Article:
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Australasian Human Research Ethics Consultancy Services Pty Ltd (AHRECS)

Working with research integrity – guidance for research performing organisations: The Bonn PRINTEGER Statement (Resource | February 2018)0

Posted by Admin in on January 28, 2020
 

About the document

Research integrity is inherently linked to the quality and excellence of research and science for policy. To further this agenda, the European PRINTEGER project (Promoting Integrity as an Integral Dimension of Excellence in Research) has conducted comprehensive studies on research integrity and misconduct. [i] The research shows that there is a need for increased focus and guidance on how organisations may address such issues. In order to develop guidance that is anchored beyond the PRINTEGER project consortium, a consensus panel was established with a broader range of members representing wide practical and theoretical understandings of how to strengthen integrity in research organisations. The panel consists of members from different European countries and organisations, with diversity in terms of gender, geography, functions, seniority and disciplinary background.2 The members discussed recommendations in two rounds by email (a Delphi process) and at a final 1-day meeting during the PRINTEGER Conference on Research Integrity, in Bonn in Germany, February 7th 2018. This document presents the outcome of the consensus process.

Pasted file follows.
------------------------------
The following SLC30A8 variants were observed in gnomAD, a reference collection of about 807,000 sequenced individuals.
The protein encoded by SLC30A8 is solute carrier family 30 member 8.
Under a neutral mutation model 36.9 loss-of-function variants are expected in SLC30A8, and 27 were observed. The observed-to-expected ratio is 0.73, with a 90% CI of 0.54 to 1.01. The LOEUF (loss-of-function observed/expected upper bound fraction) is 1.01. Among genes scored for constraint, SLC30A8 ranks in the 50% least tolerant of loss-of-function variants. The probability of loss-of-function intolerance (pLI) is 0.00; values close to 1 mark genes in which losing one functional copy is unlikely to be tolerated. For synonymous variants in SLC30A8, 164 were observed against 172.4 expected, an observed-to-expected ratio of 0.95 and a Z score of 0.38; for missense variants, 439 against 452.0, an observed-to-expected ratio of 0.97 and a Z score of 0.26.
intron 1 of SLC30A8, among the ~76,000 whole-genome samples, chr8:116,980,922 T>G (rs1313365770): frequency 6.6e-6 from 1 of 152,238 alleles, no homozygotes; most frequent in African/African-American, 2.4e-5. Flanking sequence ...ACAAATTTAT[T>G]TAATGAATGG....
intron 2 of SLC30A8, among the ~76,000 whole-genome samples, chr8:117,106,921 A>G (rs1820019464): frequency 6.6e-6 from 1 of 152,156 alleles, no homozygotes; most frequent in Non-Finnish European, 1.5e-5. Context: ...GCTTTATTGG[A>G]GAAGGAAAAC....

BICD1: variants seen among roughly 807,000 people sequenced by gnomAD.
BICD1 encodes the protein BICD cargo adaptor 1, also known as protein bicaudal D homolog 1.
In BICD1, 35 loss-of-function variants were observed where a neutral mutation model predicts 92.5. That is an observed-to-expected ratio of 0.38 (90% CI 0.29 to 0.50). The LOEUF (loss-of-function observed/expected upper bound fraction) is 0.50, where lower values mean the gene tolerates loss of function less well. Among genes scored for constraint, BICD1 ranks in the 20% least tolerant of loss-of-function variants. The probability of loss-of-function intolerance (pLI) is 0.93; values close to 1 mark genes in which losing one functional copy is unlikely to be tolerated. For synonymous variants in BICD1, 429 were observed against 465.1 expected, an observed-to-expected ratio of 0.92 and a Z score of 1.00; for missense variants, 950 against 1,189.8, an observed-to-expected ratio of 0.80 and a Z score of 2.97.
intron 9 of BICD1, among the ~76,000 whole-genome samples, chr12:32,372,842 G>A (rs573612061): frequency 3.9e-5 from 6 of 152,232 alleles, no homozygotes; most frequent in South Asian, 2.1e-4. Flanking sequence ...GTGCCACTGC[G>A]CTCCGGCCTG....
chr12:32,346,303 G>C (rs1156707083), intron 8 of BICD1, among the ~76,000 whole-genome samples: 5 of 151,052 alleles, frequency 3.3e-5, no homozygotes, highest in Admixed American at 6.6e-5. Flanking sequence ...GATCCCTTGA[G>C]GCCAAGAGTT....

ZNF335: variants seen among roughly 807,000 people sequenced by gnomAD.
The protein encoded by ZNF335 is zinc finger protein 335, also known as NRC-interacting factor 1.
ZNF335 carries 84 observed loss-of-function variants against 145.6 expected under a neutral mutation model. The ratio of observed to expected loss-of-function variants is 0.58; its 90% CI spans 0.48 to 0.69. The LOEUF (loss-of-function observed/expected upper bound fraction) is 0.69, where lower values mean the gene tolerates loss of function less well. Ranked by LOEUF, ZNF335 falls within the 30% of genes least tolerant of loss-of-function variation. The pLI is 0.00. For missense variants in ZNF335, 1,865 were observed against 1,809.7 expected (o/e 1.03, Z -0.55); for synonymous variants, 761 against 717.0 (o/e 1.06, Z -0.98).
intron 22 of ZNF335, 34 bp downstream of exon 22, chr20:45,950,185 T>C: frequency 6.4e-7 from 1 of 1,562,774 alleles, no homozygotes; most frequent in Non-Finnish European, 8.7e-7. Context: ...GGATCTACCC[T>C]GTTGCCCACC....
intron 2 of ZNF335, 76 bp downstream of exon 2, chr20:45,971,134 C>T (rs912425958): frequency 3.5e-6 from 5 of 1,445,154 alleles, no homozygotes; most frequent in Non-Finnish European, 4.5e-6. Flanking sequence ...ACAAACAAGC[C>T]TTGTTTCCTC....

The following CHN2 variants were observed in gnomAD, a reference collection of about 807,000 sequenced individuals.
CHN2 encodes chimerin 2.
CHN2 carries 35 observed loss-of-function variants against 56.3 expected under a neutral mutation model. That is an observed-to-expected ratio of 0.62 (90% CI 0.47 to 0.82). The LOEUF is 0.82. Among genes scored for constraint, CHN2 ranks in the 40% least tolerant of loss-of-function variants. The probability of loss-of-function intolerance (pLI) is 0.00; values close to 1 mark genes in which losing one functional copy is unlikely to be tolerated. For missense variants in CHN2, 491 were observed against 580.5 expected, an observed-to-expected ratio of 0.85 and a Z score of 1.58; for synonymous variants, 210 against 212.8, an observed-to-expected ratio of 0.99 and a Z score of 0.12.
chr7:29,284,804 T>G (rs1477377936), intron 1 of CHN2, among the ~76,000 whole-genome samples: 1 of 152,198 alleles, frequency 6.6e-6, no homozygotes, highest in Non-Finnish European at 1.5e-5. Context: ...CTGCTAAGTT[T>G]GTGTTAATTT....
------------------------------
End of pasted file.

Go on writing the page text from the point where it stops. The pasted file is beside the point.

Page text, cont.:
The authors of this contribution are the signatories of the statement. While drawing on their professional backgrounds, the panel members are signatories of the statement in their private capacity. The statement represents the agreement of all members.

Background